Opinions are divided in Kuwait regarding the economic impact of the recent crisis between the government's legislative and executive branches.
Some experts say the ongoing domestic political conflict will have a limited impact on the economy because of Kuwait's dependence on oil revenues, while others believe it has a direct effect.
Ali al-Mousa, the minister of planning and former deputy governor of the Central Bank, told Al-Shorfa that despite the heated political situation in Kuwait, the economy is stable because oil revenues provide a consistent income source.
"So the state's income was not affected and also did not stop," he said.
"The Kuwaiti economy is one of the strongest in the region, and this was confirmed when it overcame the global recession that hurt many countries in the Gulf region, notably Dubai, but the economy in Kuwait was unaffected," he said.
Al-Mousa said the only decline in the Kuwaiti economy was recorded in terms of foreign investment from countries like Egypt, Syria and Yemen that are undergoing major political transitions.
However, he said the domestic economy is witnessing some volatility. "The domestic economy which is based on the real estate and currency market, is volatile but not really low," he said.
The number of real estate transactions during the first week of October dropped 33% from 245 to 164 compared with the previous week, according to the Department of Real Estate Registration and Authentication at the Ministry of Justice.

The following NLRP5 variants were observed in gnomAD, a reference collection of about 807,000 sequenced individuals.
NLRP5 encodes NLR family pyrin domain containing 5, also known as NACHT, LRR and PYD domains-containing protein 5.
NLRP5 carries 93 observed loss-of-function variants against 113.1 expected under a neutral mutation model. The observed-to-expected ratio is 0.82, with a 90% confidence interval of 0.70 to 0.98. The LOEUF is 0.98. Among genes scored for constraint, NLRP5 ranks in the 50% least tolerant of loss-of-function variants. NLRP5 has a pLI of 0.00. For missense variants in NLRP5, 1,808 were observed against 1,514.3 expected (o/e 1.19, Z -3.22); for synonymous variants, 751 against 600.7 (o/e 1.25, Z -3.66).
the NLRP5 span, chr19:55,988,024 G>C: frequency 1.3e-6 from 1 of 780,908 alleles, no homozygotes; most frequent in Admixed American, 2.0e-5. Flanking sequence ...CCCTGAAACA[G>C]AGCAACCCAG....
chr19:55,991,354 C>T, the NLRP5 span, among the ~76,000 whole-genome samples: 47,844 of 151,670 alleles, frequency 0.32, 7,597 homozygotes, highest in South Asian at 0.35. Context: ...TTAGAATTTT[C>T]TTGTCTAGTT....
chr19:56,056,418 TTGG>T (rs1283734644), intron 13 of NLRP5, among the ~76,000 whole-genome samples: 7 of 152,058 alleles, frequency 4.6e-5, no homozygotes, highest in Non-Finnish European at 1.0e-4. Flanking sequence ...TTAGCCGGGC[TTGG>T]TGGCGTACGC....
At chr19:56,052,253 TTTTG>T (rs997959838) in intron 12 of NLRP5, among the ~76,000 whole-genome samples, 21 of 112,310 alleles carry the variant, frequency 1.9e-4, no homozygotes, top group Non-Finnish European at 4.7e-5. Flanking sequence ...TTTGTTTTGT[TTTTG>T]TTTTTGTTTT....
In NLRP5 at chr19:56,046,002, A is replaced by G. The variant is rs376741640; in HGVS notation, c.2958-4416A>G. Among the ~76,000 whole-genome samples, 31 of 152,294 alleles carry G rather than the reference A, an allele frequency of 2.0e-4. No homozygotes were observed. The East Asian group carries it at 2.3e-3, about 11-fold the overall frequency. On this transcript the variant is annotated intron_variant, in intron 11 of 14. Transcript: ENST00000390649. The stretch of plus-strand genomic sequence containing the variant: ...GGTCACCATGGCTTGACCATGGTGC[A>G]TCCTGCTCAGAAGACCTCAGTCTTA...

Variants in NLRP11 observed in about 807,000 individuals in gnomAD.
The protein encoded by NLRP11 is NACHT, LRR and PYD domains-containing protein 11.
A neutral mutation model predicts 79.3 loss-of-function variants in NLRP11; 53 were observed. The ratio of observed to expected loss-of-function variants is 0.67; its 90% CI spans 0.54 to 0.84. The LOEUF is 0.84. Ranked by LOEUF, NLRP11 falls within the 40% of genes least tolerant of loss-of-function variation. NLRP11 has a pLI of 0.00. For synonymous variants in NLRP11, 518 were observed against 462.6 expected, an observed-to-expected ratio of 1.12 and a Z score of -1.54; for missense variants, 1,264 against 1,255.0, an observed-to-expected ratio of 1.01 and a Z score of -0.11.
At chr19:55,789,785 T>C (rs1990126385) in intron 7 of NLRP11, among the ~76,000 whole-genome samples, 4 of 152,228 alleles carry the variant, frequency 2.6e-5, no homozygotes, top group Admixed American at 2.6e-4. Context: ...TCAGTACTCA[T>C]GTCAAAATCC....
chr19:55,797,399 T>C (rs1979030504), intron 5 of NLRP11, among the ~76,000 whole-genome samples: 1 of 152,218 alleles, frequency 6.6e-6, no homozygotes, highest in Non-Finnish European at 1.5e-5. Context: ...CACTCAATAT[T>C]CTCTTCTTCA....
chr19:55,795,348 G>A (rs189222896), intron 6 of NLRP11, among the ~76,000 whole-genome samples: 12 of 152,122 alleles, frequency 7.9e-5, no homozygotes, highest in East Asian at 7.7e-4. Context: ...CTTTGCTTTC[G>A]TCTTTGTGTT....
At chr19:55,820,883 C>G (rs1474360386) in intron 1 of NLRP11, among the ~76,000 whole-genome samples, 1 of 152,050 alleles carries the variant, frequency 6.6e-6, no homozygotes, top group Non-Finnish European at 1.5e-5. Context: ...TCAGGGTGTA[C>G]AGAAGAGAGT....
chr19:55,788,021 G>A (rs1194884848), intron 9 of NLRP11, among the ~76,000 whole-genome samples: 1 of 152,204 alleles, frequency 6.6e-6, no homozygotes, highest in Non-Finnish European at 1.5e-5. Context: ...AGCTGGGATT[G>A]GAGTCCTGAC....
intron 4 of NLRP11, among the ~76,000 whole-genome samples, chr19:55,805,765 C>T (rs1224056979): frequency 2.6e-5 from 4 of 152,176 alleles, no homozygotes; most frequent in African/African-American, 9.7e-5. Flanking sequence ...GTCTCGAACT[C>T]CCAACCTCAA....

The decline coincided with the start of the political crisis in Kuwait.
Majed al-Ali, an economist, said if the government continues to increase employee salaries whenever it is pressured, the practice will have a negative effect on the state's general revenues.
"The previous government's approval of salary increases by 28% after it had been 22% will affect many other economic sectors in the state," al-Ali said. "Any crisis between the legislative and executive branches in the state will have a direct impact on the economy, and this is what is happening in Kuwait."
He said Kuwait needs to maintain oil prices above $100 per barrel "because it is the primary source of income and allows it to maintain economic stability, even in the darkest of crises".
Jassem al-Saadoun, CEO of Shell International, told Al-Shorfa, "The political impact on the Kuwaiti economy is not notable as long as the price of oil is above $100 because this keeps Kuwait's revenue stable and reduces the government's concerns about the country being exposed to economic crisis because of political events."
Kuwait's total crude oil production was 2.9 million barrels per day during September, the highest level since it peaked in September 2008 at 2.85 million barrels, according to the Oxford Business Group for Media and Publishing.
Al-Saadoun said he believes the real danger to the economy lies in the risks to European and Arab nations.
"If these countries are exposed to a new crisis that is similar to what happened [during the Great Depression] -- something that is expected to occur in the near future -- that will expose Kuwait to economic peril because many investors keep their major financial assets in European banks that may be vulnerable to bankruptcy, as happened in 2008 and led to an economic decline in many countries," he said.
"There is a substantial risk of a global recession having a major impact on Kuwait if it occurs, and this is what we hope to overcome in future development plans."